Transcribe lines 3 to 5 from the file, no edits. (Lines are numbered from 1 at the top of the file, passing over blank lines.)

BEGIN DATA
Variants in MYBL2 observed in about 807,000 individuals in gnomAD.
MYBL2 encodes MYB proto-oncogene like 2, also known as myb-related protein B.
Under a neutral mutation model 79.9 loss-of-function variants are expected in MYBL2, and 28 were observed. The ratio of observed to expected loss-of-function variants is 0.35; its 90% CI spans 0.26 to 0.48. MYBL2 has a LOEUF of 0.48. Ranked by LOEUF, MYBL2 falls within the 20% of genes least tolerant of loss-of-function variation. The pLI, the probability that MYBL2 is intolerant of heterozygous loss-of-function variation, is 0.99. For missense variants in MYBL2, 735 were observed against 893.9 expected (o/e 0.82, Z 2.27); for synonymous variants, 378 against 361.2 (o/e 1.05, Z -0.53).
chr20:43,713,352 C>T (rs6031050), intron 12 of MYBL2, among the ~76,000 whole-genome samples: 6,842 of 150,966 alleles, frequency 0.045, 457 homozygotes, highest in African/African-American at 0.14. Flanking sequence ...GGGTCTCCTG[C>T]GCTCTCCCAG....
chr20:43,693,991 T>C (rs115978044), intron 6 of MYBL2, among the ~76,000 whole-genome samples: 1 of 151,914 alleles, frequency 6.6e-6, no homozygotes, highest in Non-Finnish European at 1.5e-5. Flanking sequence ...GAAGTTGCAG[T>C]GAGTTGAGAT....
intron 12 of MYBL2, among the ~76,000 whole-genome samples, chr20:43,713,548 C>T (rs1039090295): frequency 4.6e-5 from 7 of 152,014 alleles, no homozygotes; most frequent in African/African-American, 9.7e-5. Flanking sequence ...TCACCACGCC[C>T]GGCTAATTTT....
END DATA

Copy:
Under a neutral mutation model 79.9 loss-of-function variants are expected in MYBL2, and 28 were observed. The ratio of observed to expected loss-of-function variants is 0.35; its 90% CI spans 0.26 to 0.48. MYBL2 has a LOEUF of 0.48. Ranked by LOEUF, MYBL2 falls within the 20% of genes least tolerant of loss-of-function variation. The pLI, the probability that MYBL2 is intolerant of heterozygous loss-of-function variation, is 0.99. For missense variants in MYBL2, 735 were observed against 893.9 expected (o/e 0.82, Z 2.27); for synonymous variants, 378 against 361.2 (o/e 1.05, Z -0.53).
chr20:43,713,352 C>T (rs6031050), intron 12 of MYBL2, among the ~76,000 whole-genome samples: 6,842 of 150,966 alleles, frequency 0.045, 457 homozygotes, highest in African/African-American at 0.14. Flanking sequence ...GGGTCTCCTG[C>T]GCTCTCCCAG....
chr20:43,693,991 T>C (rs115978044), intron 6 of MYBL2, among the ~76,000 whole-genome samples: 1 of 151,914 alleles, frequency 6.6e-6, no homozygotes, highest in Non-Finnish European at 1.5e-5. Flanking sequence ...GAAGTTGCAG[T>C]GAGTTGAGAT....